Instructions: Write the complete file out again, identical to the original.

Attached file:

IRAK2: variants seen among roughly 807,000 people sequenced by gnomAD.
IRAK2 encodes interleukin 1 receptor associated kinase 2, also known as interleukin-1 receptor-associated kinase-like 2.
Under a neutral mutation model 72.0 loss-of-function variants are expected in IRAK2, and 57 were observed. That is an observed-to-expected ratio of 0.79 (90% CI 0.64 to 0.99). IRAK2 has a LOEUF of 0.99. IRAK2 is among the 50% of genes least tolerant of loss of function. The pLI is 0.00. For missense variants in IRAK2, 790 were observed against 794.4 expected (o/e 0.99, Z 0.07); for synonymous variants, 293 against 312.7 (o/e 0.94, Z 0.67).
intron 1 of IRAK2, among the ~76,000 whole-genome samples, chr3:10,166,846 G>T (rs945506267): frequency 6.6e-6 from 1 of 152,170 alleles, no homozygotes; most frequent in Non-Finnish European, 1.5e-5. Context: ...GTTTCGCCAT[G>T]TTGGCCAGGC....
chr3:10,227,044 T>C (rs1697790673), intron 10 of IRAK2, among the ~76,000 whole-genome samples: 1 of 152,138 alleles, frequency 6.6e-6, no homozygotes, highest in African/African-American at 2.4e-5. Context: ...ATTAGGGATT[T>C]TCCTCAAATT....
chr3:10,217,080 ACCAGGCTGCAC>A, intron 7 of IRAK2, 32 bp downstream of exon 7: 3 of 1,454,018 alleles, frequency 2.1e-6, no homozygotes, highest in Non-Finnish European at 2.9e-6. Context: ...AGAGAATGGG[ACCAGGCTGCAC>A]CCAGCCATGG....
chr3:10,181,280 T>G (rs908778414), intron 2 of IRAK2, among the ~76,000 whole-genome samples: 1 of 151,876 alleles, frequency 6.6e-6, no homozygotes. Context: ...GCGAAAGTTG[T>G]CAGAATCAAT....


IRAK2: variants seen among roughly 807,000 people sequenced by gnomAD.
IRAK2 encodes interleukin 1 receptor associated kinase 2, also known as interleukin-1 receptor-associated kinase-like 2.
Under a neutral mutation model 72.0 loss-of-function variants are expected in IRAK2, and 57 were observed. That is an observed-to-expected ratio of 0.79 (90% CI 0.64 to 0.99). IRAK2 has a LOEUF of 0.99. IRAK2 is among the 50% of genes least tolerant of loss of function. The pLI is 0.00. For missense variants in IRAK2, 790 were observed against 794.4 expected (o/e 0.99, Z 0.07); for synonymous variants, 293 against 312.7 (o/e 0.94, Z 0.67).
intron 1 of IRAK2, among the ~76,000 whole-genome samples, chr3:10,166,846 G>T (rs945506267): frequency 6.6e-6 from 1 of 152,170 alleles, no homozygotes; most frequent in Non-Finnish European, 1.5e-5. Context: ...GTTTCGCCAT[G>T]TTGGCCAGGC....
chr3:10,227,044 T>C (rs1697790673), intron 10 of IRAK2, among the ~76,000 whole-genome samples: 1 of 152,138 alleles, frequency 6.6e-6, no homozygotes, highest in African/African-American at 2.4e-5. Context: ...ATTAGGGATT[T>C]TCCTCAAATT....
chr3:10,217,080 ACCAGGCTGCAC>A, intron 7 of IRAK2, 32 bp downstream of exon 7: 3 of 1,454,018 alleles, frequency 2.1e-6, no homozygotes, highest in Non-Finnish European at 2.9e-6. Context: ...AGAGAATGGG[ACCAGGCTGCAC>A]CCAGCCATGG....
chr3:10,181,280 T>G (rs908778414), intron 2 of IRAK2, among the ~76,000 whole-genome samples: 1 of 151,876 alleles, frequency 6.6e-6, no homozygotes. Context: ...GCGAAAGTTG[T>G]CAGAATCAAT....